Chimps 'mourned' and 'comforted' dying ape

Dignity in death may be as important to chimpanzees as it is to humans, according to a new study of chimps in Stirlingshire.

Chimps at a wildlife park in Scotland have been filmed grooming and comforting a dying female member of their group in her final hours.

They also appeared to test for signs of life by checking if the elderly ape was breathing.

After the death there followed a period of "mourning", during which the chimps remained quiet and subdued and avoided the sleeping spot where the death occurred.

The extraordinary scenes were captured on video by staff at the Blair Drummond Safari and Adventure Park.

It is the first time anyone has closely observed the behaviour of chimps faced with a natural death. Previously, sudden traumatic death among adult chimps has been seen to provoke a noisy, frenzied response from group members.

The chimp who died, named Pansy, was one of a group of four at the Scottish wildlife park and thought to be aged in her 60s.

When she became terminally ill in December 2008, staff decided to film the end of her life and its impact on the other chimps.

The footage was taken to animal behaviour scientists at the University of Stirling, whose findings were published in the journal Current Biology.

Alasdair Gillies, head keeper of chimpanzees at the park and co-author of the paper, described what happened as Pansy neared her death.

He said: "She started to get really quite ill. Over a period of time she stopped eating and drinking. We had to separate her from the others.

"On the day she died she crawled across into her daughter's nest, which was an incredible feat considering she was close to death.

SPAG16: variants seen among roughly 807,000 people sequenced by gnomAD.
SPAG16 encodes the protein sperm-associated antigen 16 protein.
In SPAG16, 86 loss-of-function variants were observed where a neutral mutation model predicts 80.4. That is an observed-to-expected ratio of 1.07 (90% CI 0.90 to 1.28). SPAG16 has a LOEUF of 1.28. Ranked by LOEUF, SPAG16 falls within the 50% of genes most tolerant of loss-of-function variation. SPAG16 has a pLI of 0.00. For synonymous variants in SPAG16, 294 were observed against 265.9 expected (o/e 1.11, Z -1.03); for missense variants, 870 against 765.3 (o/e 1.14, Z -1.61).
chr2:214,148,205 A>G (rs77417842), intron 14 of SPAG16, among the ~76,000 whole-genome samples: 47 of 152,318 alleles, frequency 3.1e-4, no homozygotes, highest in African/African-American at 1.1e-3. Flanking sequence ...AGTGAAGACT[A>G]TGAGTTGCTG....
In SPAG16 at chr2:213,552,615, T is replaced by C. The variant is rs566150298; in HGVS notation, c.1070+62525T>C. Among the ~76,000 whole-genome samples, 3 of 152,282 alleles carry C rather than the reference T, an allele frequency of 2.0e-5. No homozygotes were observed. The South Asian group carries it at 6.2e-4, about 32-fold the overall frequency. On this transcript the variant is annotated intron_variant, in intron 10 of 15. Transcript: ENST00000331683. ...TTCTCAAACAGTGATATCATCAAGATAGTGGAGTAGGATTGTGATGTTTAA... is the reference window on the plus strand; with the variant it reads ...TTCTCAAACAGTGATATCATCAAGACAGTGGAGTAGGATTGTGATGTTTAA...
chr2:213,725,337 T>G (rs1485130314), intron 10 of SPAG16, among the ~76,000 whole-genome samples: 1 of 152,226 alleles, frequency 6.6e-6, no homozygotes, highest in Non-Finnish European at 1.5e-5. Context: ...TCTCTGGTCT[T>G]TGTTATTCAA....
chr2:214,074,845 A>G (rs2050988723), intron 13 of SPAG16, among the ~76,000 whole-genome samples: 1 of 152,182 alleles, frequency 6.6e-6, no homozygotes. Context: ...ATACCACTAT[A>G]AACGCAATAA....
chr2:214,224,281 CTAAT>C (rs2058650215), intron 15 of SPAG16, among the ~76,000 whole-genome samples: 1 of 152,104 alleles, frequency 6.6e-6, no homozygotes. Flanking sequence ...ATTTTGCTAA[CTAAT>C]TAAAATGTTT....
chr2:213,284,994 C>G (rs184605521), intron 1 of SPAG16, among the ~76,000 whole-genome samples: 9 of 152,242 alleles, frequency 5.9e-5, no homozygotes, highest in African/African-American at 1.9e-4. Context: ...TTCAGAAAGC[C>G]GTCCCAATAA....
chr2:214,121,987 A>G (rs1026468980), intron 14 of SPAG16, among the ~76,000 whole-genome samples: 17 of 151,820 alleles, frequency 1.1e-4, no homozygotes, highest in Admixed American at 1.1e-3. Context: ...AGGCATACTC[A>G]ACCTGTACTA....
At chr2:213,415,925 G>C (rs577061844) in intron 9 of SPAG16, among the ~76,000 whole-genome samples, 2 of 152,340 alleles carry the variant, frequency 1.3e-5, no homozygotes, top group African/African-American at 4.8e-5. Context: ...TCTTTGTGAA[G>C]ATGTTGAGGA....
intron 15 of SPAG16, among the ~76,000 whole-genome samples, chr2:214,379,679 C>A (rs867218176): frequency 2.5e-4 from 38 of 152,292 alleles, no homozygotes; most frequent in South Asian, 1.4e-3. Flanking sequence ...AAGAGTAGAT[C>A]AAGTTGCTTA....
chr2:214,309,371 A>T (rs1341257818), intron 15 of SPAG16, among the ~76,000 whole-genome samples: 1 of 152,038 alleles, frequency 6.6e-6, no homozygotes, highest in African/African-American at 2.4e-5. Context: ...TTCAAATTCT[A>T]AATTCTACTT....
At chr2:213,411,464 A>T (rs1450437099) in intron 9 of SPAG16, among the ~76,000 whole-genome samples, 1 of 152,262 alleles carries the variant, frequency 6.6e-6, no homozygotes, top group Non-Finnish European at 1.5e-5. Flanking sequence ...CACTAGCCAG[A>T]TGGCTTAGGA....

"I decided to let the other chimpanzees in so that they could be together and she could die with dignity. It felt like the right thing to do.

"What followed was incredible. It was one of the most moving experiences of my life. It looked like they were comforting her by grooming her intently."

Signs of life

Two of the chimpanzees bent down to Pansy's mouth and appeared to be testing for signs of life.

After her death, the other chimps left her side, but her adult daughter returned and remained by her mother all night. The keepers removed Pansy's body the next day.

Mr Gillies, who has worked at the park for eight years, added: "For weeks afterwards it was uncannily quiet in the enclosure and the chimpanzees' appetites diminished. They were clearly grieving.

"None of them slept on the platform where she died until at least a week later, despite her daughter using that platform as her nest before her mother died."

He added: "I think this video footage showed the chimpanzees were aware something strange and different was happening, but other research will have to be conducted to see how much they understood what was going on. We are just opening the debate."

Dr James Anderson, who led the University of Stirling researchers, said: "In general, we found several similarities between the chimpanzees' behaviour toward the dying female, and their behaviour after her death, and some reactions of humans when faced with the demise of an elderly group member or relative, even though chimpanzees do not have religious beliefs or rituals surrounding death."

A second study reported in the same journal described how researchers witnessed wild mother chimps in Bossou, Guinea, carrying the mummified remains of their dead infants.

The two baby chimps were killed by a flu-like epidemic that struck the chimp community.

Dr Dora Biro, from Oxford University, who led the research, said: "In each case our observations showed a remarkable response by chimpanzee mothers to the death of their infants: they continued to carry the corpses for weeks, even months, following death."

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